Gold is a Hedge Period! | Interview with Former Fed Insider Danielle DiMartino Booth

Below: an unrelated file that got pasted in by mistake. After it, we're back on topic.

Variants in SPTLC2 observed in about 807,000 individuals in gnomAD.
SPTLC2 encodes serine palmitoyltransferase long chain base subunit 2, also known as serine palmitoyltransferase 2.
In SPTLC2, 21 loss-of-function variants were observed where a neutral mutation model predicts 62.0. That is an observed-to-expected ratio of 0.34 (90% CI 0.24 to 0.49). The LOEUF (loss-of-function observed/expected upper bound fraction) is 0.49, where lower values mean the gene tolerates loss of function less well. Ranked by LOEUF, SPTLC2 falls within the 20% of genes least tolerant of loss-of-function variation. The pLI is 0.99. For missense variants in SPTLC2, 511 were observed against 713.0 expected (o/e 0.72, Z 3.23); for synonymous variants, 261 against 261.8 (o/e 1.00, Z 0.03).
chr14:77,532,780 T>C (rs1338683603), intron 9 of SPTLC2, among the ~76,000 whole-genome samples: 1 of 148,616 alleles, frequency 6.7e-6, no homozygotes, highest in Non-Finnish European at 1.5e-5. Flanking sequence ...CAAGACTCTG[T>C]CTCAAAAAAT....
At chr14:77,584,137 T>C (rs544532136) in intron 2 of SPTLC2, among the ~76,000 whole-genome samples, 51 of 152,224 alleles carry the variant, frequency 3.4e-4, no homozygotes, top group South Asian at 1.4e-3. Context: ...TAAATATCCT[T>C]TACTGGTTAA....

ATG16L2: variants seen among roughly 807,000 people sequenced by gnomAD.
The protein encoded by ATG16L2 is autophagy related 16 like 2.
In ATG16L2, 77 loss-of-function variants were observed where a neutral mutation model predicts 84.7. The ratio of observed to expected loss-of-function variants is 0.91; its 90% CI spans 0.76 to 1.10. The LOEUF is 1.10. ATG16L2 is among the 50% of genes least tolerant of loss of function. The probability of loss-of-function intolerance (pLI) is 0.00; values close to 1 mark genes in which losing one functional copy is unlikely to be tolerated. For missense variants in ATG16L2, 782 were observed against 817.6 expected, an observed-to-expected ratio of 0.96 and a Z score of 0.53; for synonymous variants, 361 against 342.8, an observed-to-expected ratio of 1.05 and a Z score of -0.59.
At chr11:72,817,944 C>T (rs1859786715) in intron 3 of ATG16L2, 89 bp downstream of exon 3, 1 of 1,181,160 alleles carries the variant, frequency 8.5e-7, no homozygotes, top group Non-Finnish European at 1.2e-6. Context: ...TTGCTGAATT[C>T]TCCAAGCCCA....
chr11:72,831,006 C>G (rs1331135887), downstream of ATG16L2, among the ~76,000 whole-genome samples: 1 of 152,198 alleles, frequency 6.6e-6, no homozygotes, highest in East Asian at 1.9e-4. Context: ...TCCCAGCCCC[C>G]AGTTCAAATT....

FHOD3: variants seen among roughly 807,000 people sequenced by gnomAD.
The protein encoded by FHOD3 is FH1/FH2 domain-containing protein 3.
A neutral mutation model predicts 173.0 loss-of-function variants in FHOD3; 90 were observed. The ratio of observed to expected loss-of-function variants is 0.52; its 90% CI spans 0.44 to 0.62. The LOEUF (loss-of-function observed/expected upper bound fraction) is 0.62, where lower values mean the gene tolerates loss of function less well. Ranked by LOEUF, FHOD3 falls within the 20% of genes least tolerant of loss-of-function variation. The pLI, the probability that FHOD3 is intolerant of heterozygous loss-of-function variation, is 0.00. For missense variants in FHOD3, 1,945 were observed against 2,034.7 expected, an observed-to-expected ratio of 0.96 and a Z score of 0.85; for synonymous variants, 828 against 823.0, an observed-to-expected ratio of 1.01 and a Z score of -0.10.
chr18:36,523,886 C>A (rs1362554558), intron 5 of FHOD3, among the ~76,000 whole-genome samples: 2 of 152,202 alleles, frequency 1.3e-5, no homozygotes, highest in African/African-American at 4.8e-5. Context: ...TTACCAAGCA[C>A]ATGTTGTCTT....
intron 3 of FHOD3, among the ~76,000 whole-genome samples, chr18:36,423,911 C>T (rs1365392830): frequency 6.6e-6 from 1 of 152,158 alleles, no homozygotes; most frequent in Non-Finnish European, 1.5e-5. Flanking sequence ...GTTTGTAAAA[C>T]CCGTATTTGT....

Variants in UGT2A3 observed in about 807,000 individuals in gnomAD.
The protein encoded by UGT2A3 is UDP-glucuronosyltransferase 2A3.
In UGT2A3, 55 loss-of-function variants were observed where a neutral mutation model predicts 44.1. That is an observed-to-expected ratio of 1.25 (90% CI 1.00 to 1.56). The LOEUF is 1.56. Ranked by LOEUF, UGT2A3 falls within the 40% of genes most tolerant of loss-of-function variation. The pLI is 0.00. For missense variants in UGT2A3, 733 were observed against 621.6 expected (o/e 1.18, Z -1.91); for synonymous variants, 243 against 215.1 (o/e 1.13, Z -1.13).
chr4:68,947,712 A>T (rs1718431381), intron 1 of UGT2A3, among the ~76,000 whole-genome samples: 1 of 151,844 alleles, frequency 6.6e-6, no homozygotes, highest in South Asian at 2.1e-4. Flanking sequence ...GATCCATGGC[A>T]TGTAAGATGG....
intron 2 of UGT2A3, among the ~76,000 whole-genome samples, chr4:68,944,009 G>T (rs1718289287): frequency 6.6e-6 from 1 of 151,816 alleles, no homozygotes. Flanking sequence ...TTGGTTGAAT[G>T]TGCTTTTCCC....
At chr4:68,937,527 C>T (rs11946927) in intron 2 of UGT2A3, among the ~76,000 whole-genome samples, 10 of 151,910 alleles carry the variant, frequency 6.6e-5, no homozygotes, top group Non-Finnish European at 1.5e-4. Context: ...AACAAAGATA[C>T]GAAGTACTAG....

okay welcome back to the show Danielle great to have you here I’d like to start with kind of looking at headlines versus reality the narrative out there is that everything is fantastic Real Estate’s great stock markets doing okay we’re not going down it’s it’s it’s hanging in there unemployment slowed how accurate or inaccurate is this narrative should we really be following it you know I’d be very cautious right now it makes me very uncomfortable when there is so much agreement and when so few people are on the other side of arguments and the people who are on the other side of arguments tend to be derided and that’s a really frightening environment for me because it’s so reminiscent not 2006/2007 but it’s so reminiscent of 1999 that makes sense from our perspective there’s definitely a lot of complacency out there with regard to how people are investing their their money at this point I’d like to talk a little bit about interest rates for a moment has the strategy of low interest rates really generated prosperity as the headlines would suggest oh I don’t think it benefited prosperity across the nation I think it benefited a small pocket of individuals on a small 18 by 2 Mile Island called Manhattan and I’m not trying to be glib I just I’m concerned that we see in the background if you moody did an interesting study recently they adjusted automobile delinquencies for the size of the population and they based it off of jobless claims and we don’t have to crawl in there but they went back to 15 years of data which is all they had to go back to and we’re at the highest level on record so it bothers me that there is still that we’ve seen so much stress build up in the household space and yet we have to contend with this narrative that Ben Bernanke was a patriot for writing to the rescue of the economy it certainly didn’t go across the nation that way there are still a lot of people who are very cash rich house poor all these years later Yanis poor house rich but he you know I you have to give Bernanke credit I mean he definitely did what he could to save the financial system at the time but really they kicked the can a massive massive can down the road and now now there is no place to go and get a yield without taking risk and it did don’t you agree that everyone’s been forced to take risk and part of that has been that real estate market where they borrow money it’s cheap and you better push back because it’s a real pet peeve of mine you know Bernanke was the Bernanke was one of the chief architects of the housing bubble to begin with if you look back at 2003 2004 2005 2006 transcripts so he was right there as was Yellin at the San Francisco fed and Greenspan but they were all very much on board with blowing up that housing bubble that that created the need to come to the rescue of the markets in the first place we didn’t have to have the financial crisis we didn’t have to have emergency crisis measures because we didn’t have to have the housing bubble and so what do you think that was on their part was that their relationships and pressure from Wall Street or was that just not just weren’t paying attention what was behind their decisions on those actions you know I there was a very famous conversation that occurred in Alan Greenspan’s office when he was warned about the perils of subprime missus years before it blew up and Greenspan apparently said you know we only regulate 25 percent of mortgage lending in this country we only need to worry about those we regulate meanwhile countrywide financials out on the west coast right in Janet yellen’s backyard becoming the biggest mortgage lender in the world and eventually turns to fraud and they turned a blind eye and chose to to philosophically aligned themselves with the idea which greenspan this is a cup this is this is greenspan baby that you cannot come in before a bubble and do anything about it you have to wait until the aftermath of the bubble and then come in and clean it up a very very reckless way of thinking and then they believe in this idea of the wealth effect but the wealth effect was very fleeting for all those people who bought more home than they could afford yeah I remember reading in your book I think that was one one of the big